Johann Erhard Strasbourg

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Johann Erhard Straßburger (born February 25, 1675 in Markvippach ; † January 9, 1754 in Gotha ) was a German Baroque architect .


Strasbourg entered the service of Duke Friedrich II of Saxe-Gotha-Altenburg in Gotha in 1701 . The earliest documented collaboration in a building project in the royal seat was when he built the Siechhof Church (today Friedrichskirche ) in 1715. In the following three decades, he shaped the church building in the duchy like no other (see list below).

In 1731, Straßburger was appointed master builder in Gotha. On behalf of Duke Friedrich III. von Sachsen-Gotha-Altenburg and his wife Luise Dorothée , he expanded the Gotha Ordonnance Garden into a more extensive orangery in the 1730s . Although Straßburger provided two drafts for the new construction of a stone orangery building in 1746/1747, the Weimar regional supervisory director Gottfried Heinrich Krohne received the order in 1747 for the complete redesign of the orangery garden based on the French model. Strasbourg, who was still involved in the preparatory work for the new orangery , retired in 1751. The mountain church in Gehlberg , which was completed in 1754, the year Strasbourg died, is considered to be his last church building.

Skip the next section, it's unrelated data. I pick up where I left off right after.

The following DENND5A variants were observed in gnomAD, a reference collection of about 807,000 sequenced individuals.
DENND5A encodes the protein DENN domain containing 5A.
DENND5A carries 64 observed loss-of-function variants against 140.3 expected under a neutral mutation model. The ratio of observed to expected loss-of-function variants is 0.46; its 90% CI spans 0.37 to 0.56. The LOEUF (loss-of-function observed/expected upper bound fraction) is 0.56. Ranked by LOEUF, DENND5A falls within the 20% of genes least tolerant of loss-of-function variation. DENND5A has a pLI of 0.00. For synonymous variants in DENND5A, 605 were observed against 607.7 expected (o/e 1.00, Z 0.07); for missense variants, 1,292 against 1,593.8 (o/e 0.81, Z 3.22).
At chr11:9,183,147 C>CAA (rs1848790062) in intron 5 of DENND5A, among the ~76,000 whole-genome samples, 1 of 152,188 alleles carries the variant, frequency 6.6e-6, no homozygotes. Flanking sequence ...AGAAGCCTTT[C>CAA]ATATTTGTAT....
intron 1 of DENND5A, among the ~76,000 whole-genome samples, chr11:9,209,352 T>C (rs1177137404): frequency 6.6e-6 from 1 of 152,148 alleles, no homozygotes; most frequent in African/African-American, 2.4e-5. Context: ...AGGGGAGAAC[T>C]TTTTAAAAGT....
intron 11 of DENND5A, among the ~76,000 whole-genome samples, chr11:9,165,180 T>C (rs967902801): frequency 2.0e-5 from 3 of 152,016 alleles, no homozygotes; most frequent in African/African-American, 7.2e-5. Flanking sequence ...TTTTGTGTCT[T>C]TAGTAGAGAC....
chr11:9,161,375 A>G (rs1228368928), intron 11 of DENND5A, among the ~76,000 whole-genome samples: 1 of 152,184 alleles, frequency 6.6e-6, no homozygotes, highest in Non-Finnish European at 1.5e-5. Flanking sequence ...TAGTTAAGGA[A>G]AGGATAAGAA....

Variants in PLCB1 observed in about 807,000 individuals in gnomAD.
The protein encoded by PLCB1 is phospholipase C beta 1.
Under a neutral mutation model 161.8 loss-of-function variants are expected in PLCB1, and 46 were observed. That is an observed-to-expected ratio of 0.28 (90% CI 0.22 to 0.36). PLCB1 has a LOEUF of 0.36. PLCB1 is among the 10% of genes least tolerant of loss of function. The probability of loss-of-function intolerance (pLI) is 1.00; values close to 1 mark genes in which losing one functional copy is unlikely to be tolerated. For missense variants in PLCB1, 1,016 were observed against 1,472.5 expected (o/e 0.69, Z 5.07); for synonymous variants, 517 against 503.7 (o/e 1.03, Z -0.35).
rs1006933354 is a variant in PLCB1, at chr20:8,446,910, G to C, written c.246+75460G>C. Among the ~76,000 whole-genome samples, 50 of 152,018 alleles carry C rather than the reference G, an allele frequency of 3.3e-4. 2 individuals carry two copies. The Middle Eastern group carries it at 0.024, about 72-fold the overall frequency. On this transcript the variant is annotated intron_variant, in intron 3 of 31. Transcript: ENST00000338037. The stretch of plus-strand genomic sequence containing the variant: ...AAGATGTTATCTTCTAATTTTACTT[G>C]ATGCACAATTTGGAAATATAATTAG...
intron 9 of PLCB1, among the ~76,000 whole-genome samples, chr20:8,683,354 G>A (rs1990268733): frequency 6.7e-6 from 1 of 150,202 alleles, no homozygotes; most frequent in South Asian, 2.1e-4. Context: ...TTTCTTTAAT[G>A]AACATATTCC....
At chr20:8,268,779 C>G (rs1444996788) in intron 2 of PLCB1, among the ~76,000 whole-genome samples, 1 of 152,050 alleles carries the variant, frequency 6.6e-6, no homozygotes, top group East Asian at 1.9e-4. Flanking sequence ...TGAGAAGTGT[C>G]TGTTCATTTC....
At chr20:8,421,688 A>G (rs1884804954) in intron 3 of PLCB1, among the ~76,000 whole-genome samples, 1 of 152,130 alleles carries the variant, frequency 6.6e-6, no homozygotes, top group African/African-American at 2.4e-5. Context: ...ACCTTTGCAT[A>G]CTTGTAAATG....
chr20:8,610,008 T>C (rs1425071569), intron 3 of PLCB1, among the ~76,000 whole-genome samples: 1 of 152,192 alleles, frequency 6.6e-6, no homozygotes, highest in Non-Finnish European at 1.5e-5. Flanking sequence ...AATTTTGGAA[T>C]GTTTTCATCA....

Johann Erhard Straßburger found his final resting place in Gotha Cemetery I (also called Alter Gottesacker ) between Werderstrasse (today Bohnstedtstrasse) and Eisenacher Strasse. When the cemetery was cleared in 1904 for the construction of the Stadtbad and Arnoldischule , his gravestone disappeared.


Strasbourg's son was the Saxon-Meiningian master builder Johann Nikolaus Straßburger , his grandson was the Saxon-Weimar-Eisenachian master builder August Friedrich Straßburger .


Strasbourg was involved in the following buildings:

Gallery of Church Buildings


  • Hartmut Ellrich: Gotha master builder of the baroque: The Oberland master builder Johann Erhard Straßburger and his works in the Duchy of Saxony-Gotha. In: Gothaisches Museums-Jahrbuch 2004 , Rudolstadt 2003, p. 132 ff.

Individual evidence

  1. Miriam von Gehren: The Duchess Anna Amalia Library in Weimar , Cologne 2013, p. 110

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